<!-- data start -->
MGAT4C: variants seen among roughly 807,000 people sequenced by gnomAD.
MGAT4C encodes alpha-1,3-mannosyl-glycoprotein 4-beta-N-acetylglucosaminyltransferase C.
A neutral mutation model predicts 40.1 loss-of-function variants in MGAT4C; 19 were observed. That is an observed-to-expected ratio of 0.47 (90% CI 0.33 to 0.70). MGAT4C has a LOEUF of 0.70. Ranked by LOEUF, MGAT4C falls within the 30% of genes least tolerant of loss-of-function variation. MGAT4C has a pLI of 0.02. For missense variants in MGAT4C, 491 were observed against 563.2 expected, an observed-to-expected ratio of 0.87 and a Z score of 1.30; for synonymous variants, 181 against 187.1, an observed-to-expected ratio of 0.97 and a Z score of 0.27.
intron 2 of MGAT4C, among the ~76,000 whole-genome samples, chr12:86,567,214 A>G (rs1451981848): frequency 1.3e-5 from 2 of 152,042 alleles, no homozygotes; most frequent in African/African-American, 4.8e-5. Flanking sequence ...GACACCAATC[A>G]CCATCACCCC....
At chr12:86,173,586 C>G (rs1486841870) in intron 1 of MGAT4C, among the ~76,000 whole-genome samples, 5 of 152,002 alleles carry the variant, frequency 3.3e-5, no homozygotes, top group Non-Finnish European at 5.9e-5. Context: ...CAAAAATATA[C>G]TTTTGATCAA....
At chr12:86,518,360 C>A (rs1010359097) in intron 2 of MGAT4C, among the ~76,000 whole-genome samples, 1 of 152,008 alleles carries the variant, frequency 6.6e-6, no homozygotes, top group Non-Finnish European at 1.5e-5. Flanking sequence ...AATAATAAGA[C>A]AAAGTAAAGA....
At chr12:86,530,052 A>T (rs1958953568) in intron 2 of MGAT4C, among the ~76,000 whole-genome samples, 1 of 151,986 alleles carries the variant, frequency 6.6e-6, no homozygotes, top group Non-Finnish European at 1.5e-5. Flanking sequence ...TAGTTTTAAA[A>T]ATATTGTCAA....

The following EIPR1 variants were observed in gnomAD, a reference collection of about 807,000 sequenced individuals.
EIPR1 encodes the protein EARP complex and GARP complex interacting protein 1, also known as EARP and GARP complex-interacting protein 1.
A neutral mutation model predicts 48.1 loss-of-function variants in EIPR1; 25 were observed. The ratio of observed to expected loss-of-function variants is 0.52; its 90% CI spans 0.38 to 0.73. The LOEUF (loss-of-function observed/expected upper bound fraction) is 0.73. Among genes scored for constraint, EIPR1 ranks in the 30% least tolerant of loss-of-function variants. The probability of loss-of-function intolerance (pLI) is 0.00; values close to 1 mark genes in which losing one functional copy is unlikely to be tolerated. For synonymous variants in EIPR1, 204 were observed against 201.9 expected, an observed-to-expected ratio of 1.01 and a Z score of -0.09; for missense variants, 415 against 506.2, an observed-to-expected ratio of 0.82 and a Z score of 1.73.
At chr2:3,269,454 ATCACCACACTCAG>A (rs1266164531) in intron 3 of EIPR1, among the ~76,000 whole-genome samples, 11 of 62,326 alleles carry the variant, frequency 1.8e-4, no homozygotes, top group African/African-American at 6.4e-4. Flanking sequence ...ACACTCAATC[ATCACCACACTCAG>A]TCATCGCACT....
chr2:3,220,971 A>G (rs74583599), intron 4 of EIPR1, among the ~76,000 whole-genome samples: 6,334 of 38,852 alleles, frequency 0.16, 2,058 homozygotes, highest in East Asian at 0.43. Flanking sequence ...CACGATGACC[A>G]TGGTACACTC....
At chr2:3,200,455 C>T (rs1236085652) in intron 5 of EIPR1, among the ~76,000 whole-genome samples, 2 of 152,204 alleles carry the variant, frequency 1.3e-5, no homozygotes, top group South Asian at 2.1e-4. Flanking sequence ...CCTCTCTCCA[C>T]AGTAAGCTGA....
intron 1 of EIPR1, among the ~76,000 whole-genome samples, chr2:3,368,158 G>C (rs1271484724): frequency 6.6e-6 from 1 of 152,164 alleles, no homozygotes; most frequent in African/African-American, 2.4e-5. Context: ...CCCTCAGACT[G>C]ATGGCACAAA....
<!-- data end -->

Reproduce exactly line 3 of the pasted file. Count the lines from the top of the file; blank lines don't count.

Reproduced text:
A neutral mutation model predicts 40.1 loss-of-function variants in MGAT4C; 19 were observed. That is an observed-to-expected ratio of 0.47 (90% CI 0.33 to 0.70). MGAT4C has a LOEUF of 0.70. Ranked by LOEUF, MGAT4C falls within the 30% of genes least tolerant of loss-of-function variation. MGAT4C has a pLI of 0.02. For missense variants in MGAT4C, 491 were observed against 563.2 expected, an observed-to-expected ratio of 0.87 and a Z score of 1.30; for synonymous variants, 181 against 187.1, an observed-to-expected ratio of 0.97 and a Z score of 0.27.